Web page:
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SA economy puts the brakes on property acquisitions

Prompting Redefine and Growthpoint to focus on developments.
Property companies find value in developments rather than acquisitions.

It will be difficult for property companies to replicate their rousing deal-making over the past five years, as slow local growth curbs their appetite for new deals. 

As a result companies on the JSE’s R400 billion plus real estate sector are shifting focus from large-scale acquisitions to battening down the hatches.

You don’t have to look far for reasons behind this: SA’s faltering economy is expected to grow at less than 2% this year, and there are challenges in finding reasonably priced potential deals in the local market.  

Redefine Properties is the latest to attest to this after a year of what CEO Andrew Konig described as “transformative” acquisition deals.

The heavyweight’s notable deals include its merger with Fountainhead Property Trust which has been four years in the making. Redefine also acquired a portfolio of 14 commercial property assets valued at R4.1 billion from Leaf Property Fund.

As a result of acquisitions, Redefine, the second-largest real estate investment trust (Reit) on the JSE, grew its property assets by R13.4 billion to R64.5 billion for the 12 months to August. Said Konig: “At this point in time, we cannot see many opportunities for us in SA given the type of assets we are looking to acquire.”

Because of this Redefine will focus on developments rather than acquisitions; among the projects is its flagship development of the 33 000 square metres office building for Webber Wentzel, located at 90 Rivonia Road in Sandton. Other developments include the R400 million extension of the 75 766 square metres Centurion Mall in Pretoria.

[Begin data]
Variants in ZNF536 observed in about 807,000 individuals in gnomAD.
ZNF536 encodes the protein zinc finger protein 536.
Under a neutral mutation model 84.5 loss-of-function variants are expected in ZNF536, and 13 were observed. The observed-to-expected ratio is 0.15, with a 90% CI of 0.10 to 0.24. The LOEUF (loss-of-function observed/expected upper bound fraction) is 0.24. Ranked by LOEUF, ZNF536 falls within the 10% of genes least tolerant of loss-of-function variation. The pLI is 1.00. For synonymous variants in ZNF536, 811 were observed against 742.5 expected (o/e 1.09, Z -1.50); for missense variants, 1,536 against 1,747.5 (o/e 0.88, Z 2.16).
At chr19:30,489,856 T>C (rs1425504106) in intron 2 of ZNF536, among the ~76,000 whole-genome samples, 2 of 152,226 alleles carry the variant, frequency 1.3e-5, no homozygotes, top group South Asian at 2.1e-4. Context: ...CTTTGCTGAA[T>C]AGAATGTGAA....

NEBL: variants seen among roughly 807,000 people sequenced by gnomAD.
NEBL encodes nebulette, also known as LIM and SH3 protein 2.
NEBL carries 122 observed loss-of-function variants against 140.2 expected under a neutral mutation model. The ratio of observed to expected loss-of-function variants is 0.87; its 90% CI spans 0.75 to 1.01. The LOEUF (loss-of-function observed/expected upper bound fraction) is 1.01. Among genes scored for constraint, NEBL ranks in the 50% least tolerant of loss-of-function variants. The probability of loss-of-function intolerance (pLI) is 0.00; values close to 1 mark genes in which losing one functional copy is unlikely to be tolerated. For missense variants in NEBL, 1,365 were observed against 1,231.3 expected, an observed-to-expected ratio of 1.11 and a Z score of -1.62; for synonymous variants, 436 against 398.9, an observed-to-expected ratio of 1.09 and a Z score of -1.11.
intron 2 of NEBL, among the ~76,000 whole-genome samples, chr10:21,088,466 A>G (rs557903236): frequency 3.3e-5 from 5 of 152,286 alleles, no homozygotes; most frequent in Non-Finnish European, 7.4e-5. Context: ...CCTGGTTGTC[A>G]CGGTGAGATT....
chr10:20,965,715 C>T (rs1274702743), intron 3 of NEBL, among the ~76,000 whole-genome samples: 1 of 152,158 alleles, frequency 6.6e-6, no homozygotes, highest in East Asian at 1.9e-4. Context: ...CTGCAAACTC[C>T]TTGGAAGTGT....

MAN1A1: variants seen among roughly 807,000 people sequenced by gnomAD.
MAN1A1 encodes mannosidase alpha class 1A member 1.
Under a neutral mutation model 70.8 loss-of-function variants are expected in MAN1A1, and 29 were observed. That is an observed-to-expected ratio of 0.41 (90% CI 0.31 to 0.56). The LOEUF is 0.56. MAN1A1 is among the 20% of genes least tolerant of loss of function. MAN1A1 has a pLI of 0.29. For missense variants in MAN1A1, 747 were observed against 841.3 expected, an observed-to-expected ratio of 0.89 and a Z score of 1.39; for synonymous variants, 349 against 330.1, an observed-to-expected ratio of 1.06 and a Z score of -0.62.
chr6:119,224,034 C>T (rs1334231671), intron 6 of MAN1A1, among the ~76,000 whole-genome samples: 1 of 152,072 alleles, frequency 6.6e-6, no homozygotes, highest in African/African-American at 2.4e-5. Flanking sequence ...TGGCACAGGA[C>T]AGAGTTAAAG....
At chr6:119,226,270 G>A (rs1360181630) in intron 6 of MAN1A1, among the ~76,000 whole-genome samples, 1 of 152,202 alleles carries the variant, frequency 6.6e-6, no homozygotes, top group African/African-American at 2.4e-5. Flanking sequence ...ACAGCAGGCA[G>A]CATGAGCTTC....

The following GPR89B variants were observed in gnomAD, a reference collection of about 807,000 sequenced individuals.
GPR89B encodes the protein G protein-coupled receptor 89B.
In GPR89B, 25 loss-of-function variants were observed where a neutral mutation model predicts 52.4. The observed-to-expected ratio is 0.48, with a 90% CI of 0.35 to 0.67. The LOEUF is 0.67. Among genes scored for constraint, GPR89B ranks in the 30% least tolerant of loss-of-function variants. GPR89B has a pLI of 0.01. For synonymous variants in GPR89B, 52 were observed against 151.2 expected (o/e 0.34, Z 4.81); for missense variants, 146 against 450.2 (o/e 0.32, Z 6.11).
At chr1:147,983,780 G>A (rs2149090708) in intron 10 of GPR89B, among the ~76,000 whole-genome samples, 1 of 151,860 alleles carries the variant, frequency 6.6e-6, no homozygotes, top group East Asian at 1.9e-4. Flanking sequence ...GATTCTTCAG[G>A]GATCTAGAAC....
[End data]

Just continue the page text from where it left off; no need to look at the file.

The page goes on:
Despite its shift in focus, the Redefine management has done a good job at positioning the business and property portfolio, the sector head for property at Investec Asset Management, Peter Clark said.  “Going forward the business needs to focus on strong management of the existing portfolio to generate returns for its investors.”

Growthpoint Properties

Similarly, the largest Reit Growthpoint Properties is finding value in developments rather than acquisitions.  After the takeover of Acucap Properties and Sycom Property Fund by Growthpoint, its assets which include a 50% stake in the V&A Waterfront in Cape Town grew to R100 billion.  “It’s fair to say that the dynamics right now in SA are not conducive to necessarily buying a lot. We already have got significant scale in the market,” CEO Norbert Sasse said at the company’s annual results presentation in August. 

The next 12 months for Growthpoint will be used to optimise its property portfolio by focusing on refurbishments to properties and developments. One of its developments, in partnership with property developer Zenprop, is the 87 000 square metres head office for Discovery in Sandton.

With the local economy contracting it will also be difficult for property counters to deliver above-inflation dividend growth.  Already Growthpoint expects dividend growth to slow to between 5% to 6% – below the 7.5% it declared for the 12 months to June.  Similarly Redefine expects to moderate its dividend growth from  7.3% this year to between 6% to 7% for next year. Clark says Redefine’s dividend guidance is lower than some niche companies in the sector and reflects the tough trading environment.


As a result Redefine and Growthpoint are looking at growing their offshore footprint. Redefine has a 30.1% interest in UK-domiciled Redefine International, a 50% direct interest in Northpoint, a mixed-use building in Australia and a 25.6% in Australian Stock Exchange (ASX)-listed Cromwell Property Group. It also acquired a German retail property portfolio with Redefine International. Redefine’s international investments represent 17.3% of its total property assets, which Konig would like to grow up to 25%. “But there are no fixed commitments at this point in time,” he says.

Growthpoint, which has a 65% stake in ASX-listed Growthpoint Australia, might grow its investments further in Australia and the African continent.

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